It’s very fun to read that instead of his famous claimed rejoinder to the question of by whose authority he took Ticonderoga (“In the name of the great Jehovah and the Continental Congress!”), folks on the scene recalled him saying, “Come out of there, you old rat!” and “Come out, you sons of British whores!” Similarly, as Allen was not a member of the Continental army at the time, but the leader of a gang, he wore no dashing uniform or riding boots, as always depicted, but most likely a homespun shirt or smock, buckskin breeches, and a pair of new shoes.

I’ve always thought that Ethan Allen and Norwalk boy Isaac Sears, who led the New York City mob before the Revolution, were twins separated at birth — both charismatic bullies who seized headlines, power, and fame. But Ethan had the advantage of a genius for self-promotion that kept him constantly writing, so despite his misjudgments and disasters at every turn, he left a jovial paper trail of complete lies to enhance his reputation. Today there are fictionalized statues all over Vermont and in Washington, D.C., books, and even a chain of furniture stores in Ethan Allen’s name. Very few have ever heard of Isaac Sears.

As I always tell my students: If you want to be remembered, write.

* * *

-22° F again this morning.

It’s A Good Thing

December 23, 2017

… I like work. There is so much of it.

Above, Flossie and the geese supervised yesterday for the ninety minutes I mucked the barn between other chores.

I remind myself often that I’m very lucky to be busy and needed. There is no danger I will sit around aimless and depressed. I also think that it is helpful that I know so much history. When I find myself hankering for a break — a bit of “me time” — I am aware this is a concept that would have been unknown to most people in the last millenium.

I do hope I can get to a point where Sundays can be a quiet day of church and re-centering. I am going to try to get us to the candelight Christmas Eve service tonight.

Lucy is still sick. I have taken her to the doctor; it is flu. Though she had a flu shot in the fall, the shot was bungled this year and was useless. The doctor told us she would have a fever for a week and then a lingering cough for two more. Huddled in blankets, coughing and blowing her nose, Lucy’s mood has been miserable. She is supposed to go to ski team trials on Tuesday night. We shall see.

I cut down a small balsam for a Christmas tree; it’s so scrawny DH thinks it can only manage one string of lights and 1/4 of our ornaments. Still, we will decorate it today, and next year I’ll pick out a tree months ahead of time. I wired the old stereo and the 90s CD player temporarily in the living room. Unfortunately I cannot locate the box with our Christmas music. Few places sell CDs any more, but I did find Frank Sinatra at the drugstore for $4.99. Young Frank sounds uncannily like Bing Crosby, our favorite Christmas carol crooner, so we’re set. I picked up the repaired truck and today I will pump up the low tires and take all the trash of the last two weeks (currently piled on the porch) to recycling. I am thawing our turkey in the kitchen sink. I am wrapping presents and packing a basket to take to Jon, Amanda, and baby Ami next week. I have hung tarps from the basement ceiling joists and behind it, I am working on a homemade surprise for DH and Lucy.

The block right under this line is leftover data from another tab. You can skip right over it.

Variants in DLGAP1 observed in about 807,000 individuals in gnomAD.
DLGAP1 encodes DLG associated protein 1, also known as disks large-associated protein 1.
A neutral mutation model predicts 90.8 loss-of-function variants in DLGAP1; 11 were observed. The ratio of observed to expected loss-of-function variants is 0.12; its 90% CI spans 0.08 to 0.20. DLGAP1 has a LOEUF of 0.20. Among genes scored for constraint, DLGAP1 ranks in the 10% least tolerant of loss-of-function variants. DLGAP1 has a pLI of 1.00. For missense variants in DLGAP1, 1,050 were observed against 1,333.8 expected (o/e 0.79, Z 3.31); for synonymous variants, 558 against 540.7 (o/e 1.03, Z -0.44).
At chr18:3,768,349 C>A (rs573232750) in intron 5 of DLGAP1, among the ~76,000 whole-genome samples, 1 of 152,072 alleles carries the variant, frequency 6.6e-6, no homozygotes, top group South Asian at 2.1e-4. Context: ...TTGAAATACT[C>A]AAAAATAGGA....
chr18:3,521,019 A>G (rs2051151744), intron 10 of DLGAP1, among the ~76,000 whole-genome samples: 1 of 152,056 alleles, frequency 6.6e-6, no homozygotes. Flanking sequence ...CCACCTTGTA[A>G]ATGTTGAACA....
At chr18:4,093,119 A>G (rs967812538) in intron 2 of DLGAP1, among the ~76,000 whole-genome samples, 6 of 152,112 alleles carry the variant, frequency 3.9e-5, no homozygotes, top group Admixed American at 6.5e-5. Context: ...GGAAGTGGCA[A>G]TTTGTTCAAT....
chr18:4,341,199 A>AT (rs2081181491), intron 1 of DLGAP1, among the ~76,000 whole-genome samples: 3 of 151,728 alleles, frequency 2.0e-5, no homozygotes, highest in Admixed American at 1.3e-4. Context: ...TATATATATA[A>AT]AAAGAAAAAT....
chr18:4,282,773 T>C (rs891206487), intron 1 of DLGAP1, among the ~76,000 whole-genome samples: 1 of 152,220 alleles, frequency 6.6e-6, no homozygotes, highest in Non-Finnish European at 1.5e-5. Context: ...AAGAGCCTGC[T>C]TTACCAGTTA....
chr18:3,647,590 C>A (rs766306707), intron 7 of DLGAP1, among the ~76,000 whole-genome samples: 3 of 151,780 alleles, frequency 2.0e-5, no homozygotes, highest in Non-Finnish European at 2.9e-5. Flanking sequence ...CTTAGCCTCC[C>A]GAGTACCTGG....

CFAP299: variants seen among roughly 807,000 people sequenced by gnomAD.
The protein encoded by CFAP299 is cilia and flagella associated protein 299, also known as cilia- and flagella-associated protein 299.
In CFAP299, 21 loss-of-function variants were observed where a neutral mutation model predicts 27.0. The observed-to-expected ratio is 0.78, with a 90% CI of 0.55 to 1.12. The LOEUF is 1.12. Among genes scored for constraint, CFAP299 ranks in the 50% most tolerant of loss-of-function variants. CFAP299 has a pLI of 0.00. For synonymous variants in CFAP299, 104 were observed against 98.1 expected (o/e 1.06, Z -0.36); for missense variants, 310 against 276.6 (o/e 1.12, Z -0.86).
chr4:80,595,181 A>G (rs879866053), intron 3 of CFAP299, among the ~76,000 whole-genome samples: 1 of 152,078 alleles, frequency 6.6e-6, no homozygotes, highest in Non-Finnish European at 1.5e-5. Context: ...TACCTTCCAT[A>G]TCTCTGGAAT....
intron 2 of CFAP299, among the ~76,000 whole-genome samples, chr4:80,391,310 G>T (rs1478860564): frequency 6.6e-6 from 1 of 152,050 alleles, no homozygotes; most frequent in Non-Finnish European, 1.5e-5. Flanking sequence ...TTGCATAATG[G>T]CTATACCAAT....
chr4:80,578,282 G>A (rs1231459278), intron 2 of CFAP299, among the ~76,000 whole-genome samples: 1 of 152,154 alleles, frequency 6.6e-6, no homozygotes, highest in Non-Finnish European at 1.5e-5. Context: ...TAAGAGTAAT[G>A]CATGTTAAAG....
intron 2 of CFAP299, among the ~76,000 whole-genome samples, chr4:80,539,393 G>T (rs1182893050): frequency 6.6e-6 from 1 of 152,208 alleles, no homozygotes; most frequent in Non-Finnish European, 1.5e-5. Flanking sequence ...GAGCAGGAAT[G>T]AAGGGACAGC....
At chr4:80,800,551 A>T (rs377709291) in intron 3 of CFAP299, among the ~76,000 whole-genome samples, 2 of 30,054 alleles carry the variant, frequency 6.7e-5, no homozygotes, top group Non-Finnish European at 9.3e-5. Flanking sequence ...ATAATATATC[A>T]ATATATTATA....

Snow is lightly falling and Christmas is coming! We are blessed!


December 22, 2017

Yesterday, the first day of winter, was beautiful, clear, cold, and blue. And the shortest day of the year.

Lucy is still miserable with a fever and coughing. DH is still buried in stress at work. I am busy trying to find our Christmas things in all the boxes, create some festive cheer, and lift everyone’s mood.

Today I will take Stash and my father’s saw, cut down a Christmas tree in the back acres, and drag it home through the snow. I will dig out our old amplifier and speakers — my grandmother bought the set for me when I was fifteen — wire them temporarily, and play carols. (Someday I want to upgrade beyond the 1970s, but not today.) I will set up the Nativity and hang the strap of sleigh bells on the door.

Last night before bedtime as I walked up the hill with the dogs, the temperature was 7° F and dropping. Orion with his shining belt was swaggering over the top of the house.

We have 100 days of cold still ahead but as I looked at the warm yellow light shining in the windows of our new home, I thought: we’re over the hump. Tomorrow the day will be four minutes longer.

Isn’t She Lovely

December 21, 2017

I am officially besotted (from afar) with my granddaughter, Ami.

Amanda’s mother, Judy, who is kindly staying with the new family to help out, posted these photos.

I am in love.

Amanda is recovering slowly from the difficult birth and still has a number of restrictions, but they are finding their routine. Ami is a contented baby who rarely cries.

Sadly, Lucy still has a high fever and cough so we had to cancel today’s plans to go to Connecticut and will try again next week.

I can’t wait to snuggle this munchkin!